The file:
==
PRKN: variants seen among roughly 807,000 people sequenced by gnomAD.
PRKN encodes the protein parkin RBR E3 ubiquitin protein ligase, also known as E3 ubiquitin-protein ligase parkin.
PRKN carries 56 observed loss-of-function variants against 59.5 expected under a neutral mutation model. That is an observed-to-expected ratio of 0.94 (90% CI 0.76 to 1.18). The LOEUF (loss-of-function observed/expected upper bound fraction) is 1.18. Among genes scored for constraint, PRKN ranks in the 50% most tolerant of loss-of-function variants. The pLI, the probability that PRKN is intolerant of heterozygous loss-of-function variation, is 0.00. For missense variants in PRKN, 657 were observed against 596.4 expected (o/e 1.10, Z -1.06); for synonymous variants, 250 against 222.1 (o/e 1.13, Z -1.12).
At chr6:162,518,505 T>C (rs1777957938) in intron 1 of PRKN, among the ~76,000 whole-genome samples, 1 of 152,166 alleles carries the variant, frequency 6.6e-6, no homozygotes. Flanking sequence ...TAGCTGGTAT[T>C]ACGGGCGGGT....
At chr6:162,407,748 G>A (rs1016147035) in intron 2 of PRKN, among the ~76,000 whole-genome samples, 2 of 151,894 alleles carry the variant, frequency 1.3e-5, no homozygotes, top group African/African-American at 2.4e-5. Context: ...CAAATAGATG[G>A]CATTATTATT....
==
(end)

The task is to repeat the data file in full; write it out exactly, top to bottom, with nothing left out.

PRKN: variants seen among roughly 807,000 people sequenced by gnomAD.
PRKN encodes the protein parkin RBR E3 ubiquitin protein ligase, also known as E3 ubiquitin-protein ligase parkin.
PRKN carries 56 observed loss-of-function variants against 59.5 expected under a neutral mutation model. That is an observed-to-expected ratio of 0.94 (90% CI 0.76 to 1.18). The LOEUF (loss-of-function observed/expected upper bound fraction) is 1.18. Among genes scored for constraint, PRKN ranks in the 50% most tolerant of loss-of-function variants. The pLI, the probability that PRKN is intolerant of heterozygous loss-of-function variation, is 0.00. For missense variants in PRKN, 657 were observed against 596.4 expected (o/e 1.10, Z -1.06); for synonymous variants, 250 against 222.1 (o/e 1.13, Z -1.12).
At chr6:162,518,505 T>C (rs1777957938) in intron 1 of PRKN, among the ~76,000 whole-genome samples, 1 of 152,166 alleles carries the variant, frequency 6.6e-6, no homozygotes. Flanking sequence ...TAGCTGGTAT[T>C]ACGGGCGGGT....
At chr6:162,407,748 G>A (rs1016147035) in intron 2 of PRKN, among the ~76,000 whole-genome samples, 2 of 151,894 alleles carry the variant, frequency 1.3e-5, no homozygotes, top group African/African-American at 2.4e-5. Context: ...CAAATAGATG[G>A]CATTATTATT....